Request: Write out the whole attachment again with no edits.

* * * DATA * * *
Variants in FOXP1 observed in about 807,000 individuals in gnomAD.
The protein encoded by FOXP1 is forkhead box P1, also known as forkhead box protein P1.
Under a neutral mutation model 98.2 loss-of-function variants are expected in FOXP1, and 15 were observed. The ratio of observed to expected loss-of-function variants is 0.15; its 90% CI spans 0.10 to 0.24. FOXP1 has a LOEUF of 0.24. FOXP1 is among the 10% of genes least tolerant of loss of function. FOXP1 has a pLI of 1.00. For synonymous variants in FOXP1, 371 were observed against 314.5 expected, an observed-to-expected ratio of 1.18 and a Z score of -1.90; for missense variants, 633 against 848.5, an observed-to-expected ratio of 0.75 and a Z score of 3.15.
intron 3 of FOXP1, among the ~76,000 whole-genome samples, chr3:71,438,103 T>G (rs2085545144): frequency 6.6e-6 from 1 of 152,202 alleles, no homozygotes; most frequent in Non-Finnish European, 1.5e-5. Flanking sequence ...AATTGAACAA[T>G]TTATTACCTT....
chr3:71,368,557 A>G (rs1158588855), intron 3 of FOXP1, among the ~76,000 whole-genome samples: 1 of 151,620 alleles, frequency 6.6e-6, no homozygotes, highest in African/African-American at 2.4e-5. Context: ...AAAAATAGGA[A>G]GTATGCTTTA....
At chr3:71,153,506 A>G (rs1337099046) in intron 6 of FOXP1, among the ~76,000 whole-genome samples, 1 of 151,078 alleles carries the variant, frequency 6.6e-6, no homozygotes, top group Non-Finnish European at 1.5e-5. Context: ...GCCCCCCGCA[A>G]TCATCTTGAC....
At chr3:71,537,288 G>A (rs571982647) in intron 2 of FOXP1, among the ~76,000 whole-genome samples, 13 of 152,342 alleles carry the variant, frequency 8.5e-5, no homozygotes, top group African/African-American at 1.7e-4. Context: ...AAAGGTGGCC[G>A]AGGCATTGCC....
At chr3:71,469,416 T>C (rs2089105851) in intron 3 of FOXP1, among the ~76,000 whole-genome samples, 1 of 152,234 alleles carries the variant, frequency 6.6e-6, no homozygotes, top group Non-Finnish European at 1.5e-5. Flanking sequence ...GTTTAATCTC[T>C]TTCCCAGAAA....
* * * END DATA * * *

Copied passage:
Variants in FOXP1 observed in about 807,000 individuals in gnomAD.
The protein encoded by FOXP1 is forkhead box P1, also known as forkhead box protein P1.
Under a neutral mutation model 98.2 loss-of-function variants are expected in FOXP1, and 15 were observed. The ratio of observed to expected loss-of-function variants is 0.15; its 90% CI spans 0.10 to 0.24. FOXP1 has a LOEUF of 0.24. FOXP1 is among the 10% of genes least tolerant of loss of function. FOXP1 has a pLI of 1.00. For synonymous variants in FOXP1, 371 were observed against 314.5 expected, an observed-to-expected ratio of 1.18 and a Z score of -1.90; for missense variants, 633 against 848.5, an observed-to-expected ratio of 0.75 and a Z score of 3.15.
intron 3 of FOXP1, among the ~76,000 whole-genome samples, chr3:71,438,103 T>G (rs2085545144): frequency 6.6e-6 from 1 of 152,202 alleles, no homozygotes; most frequent in Non-Finnish European, 1.5e-5. Flanking sequence ...AATTGAACAA[T>G]TTATTACCTT....
chr3:71,368,557 A>G (rs1158588855), intron 3 of FOXP1, among the ~76,000 whole-genome samples: 1 of 151,620 alleles, frequency 6.6e-6, no homozygotes, highest in African/African-American at 2.4e-5. Context: ...AAAAATAGGA[A>G]GTATGCTTTA....
At chr3:71,153,506 A>G (rs1337099046) in intron 6 of FOXP1, among the ~76,000 whole-genome samples, 1 of 151,078 alleles carries the variant, frequency 6.6e-6, no homozygotes, top group Non-Finnish European at 1.5e-5. Context: ...GCCCCCCGCA[A>G]TCATCTTGAC....
At chr3:71,537,288 G>A (rs571982647) in intron 2 of FOXP1, among the ~76,000 whole-genome samples, 13 of 152,342 alleles carry the variant, frequency 8.5e-5, no homozygotes, top group African/African-American at 1.7e-4. Context: ...AAAGGTGGCC[G>A]AGGCATTGCC....
At chr3:71,469,416 T>C (rs2089105851) in intron 3 of FOXP1, among the ~76,000 whole-genome samples, 1 of 152,234 alleles carries the variant, frequency 6.6e-6, no homozygotes, top group Non-Finnish European at 1.5e-5. Flanking sequence ...GTTTAATCTC[T>C]TTCCCAGAAA....